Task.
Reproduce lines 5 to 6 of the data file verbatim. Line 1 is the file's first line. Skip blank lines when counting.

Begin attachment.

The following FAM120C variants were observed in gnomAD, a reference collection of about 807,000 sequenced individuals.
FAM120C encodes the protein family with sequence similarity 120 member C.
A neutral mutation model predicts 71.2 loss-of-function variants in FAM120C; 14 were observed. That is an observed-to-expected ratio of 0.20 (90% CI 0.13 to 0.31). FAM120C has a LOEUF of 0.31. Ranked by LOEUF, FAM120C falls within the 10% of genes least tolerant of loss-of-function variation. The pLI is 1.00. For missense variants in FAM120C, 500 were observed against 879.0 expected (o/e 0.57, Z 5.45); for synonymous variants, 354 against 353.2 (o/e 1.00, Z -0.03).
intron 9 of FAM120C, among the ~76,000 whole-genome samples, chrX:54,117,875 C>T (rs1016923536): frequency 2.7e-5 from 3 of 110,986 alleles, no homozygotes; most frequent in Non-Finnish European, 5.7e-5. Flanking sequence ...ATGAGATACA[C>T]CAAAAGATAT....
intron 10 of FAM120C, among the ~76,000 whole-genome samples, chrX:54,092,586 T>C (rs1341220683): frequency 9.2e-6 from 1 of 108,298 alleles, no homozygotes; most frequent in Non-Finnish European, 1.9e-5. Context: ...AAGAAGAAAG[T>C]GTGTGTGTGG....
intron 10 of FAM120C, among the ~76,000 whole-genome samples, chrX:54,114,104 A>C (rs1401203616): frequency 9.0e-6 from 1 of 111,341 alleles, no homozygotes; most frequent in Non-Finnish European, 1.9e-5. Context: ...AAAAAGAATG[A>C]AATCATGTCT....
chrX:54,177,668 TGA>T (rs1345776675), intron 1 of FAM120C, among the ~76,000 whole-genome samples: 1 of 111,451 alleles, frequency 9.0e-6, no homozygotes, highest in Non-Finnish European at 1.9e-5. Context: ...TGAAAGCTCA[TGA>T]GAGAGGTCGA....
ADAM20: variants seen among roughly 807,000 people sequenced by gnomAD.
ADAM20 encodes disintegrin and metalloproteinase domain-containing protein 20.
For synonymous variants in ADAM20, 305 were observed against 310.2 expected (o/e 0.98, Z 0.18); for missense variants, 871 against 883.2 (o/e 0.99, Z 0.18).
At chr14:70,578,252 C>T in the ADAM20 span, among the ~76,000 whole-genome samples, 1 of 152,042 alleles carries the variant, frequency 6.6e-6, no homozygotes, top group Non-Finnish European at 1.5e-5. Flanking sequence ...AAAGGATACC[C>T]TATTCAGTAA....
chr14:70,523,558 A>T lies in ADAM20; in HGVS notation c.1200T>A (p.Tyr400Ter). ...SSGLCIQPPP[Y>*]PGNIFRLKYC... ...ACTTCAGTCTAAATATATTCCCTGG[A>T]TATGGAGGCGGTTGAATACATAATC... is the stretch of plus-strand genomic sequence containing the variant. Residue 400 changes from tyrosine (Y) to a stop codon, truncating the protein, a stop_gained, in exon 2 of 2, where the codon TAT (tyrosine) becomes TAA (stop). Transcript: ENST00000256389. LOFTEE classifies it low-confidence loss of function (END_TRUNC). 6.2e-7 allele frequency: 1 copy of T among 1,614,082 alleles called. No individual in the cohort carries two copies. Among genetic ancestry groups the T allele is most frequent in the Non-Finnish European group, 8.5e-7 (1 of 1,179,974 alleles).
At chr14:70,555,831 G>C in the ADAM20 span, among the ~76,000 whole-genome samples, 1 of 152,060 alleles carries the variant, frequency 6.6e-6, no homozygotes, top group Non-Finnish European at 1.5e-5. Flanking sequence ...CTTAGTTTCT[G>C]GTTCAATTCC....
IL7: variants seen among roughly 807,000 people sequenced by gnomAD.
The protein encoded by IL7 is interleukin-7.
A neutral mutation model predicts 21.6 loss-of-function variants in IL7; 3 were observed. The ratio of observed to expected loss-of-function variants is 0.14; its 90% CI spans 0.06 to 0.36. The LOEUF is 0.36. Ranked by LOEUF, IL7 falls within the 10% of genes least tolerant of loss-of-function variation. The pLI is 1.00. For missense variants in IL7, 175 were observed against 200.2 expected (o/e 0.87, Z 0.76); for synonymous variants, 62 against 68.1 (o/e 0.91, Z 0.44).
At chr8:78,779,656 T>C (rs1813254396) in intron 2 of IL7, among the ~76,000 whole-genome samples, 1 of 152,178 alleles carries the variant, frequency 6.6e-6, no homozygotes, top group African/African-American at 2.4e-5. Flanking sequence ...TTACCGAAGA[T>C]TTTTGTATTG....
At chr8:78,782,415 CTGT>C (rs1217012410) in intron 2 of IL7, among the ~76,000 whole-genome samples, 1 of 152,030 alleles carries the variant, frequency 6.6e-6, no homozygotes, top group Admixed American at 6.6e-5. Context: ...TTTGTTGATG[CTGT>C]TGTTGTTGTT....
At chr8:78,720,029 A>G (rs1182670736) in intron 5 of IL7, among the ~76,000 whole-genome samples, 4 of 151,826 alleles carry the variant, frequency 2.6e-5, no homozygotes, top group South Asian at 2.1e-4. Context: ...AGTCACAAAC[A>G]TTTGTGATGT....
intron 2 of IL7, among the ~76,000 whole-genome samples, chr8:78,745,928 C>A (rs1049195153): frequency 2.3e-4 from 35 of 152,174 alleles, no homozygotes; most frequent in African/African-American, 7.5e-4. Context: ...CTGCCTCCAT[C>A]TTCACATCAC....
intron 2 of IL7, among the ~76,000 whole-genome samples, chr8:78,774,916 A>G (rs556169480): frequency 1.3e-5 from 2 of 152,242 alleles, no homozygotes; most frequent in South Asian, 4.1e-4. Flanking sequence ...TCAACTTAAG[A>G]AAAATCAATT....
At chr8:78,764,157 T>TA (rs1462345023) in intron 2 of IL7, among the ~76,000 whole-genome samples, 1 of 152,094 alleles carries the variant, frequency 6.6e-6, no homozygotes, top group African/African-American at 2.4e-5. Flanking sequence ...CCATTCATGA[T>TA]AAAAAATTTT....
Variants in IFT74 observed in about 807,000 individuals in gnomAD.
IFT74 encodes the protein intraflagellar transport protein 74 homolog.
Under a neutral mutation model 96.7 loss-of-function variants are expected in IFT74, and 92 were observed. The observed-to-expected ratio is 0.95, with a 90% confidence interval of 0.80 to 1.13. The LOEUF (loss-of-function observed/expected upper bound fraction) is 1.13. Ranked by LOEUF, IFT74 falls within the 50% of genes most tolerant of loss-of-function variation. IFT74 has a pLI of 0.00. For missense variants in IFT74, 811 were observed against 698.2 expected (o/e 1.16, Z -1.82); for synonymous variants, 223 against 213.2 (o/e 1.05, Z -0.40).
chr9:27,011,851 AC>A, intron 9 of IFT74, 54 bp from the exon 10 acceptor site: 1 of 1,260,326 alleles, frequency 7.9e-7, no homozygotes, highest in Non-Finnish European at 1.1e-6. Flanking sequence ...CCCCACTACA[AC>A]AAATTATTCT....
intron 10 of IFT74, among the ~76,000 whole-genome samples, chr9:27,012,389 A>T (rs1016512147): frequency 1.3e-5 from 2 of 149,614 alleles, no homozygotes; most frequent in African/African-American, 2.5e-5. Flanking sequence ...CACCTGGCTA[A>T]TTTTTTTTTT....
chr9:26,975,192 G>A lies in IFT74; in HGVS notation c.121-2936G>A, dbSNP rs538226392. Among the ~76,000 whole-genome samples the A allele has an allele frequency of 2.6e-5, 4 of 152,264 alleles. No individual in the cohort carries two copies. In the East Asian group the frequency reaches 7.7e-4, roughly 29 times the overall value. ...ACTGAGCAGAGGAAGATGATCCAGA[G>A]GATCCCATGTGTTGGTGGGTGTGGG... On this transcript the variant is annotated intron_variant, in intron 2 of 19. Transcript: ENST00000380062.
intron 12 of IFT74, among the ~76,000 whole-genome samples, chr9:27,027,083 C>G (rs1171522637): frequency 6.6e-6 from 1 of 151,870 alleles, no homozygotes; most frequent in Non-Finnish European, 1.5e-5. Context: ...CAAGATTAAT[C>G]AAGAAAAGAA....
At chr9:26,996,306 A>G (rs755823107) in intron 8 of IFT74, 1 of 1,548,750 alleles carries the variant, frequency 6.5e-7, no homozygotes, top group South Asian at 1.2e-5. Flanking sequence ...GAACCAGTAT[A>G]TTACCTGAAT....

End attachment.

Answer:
intron 10 of FAM120C, among the ~76,000 whole-genome samples, chrX:54,092,586 T>C (rs1341220683): frequency 9.2e-6 from 1 of 108,298 alleles, no homozygotes; most frequent in Non-Finnish European, 1.9e-5. Context: ...AAGAAGAAAG[T>C]GTGTGTGTGG....
intron 10 of FAM120C, among the ~76,000 whole-genome samples, chrX:54,114,104 A>C (rs1401203616): frequency 9.0e-6 from 1 of 111,341 alleles, no homozygotes; most frequent in Non-Finnish European, 1.9e-5. Context: ...AAAAAGAATG[A>C]AATCATGTCT....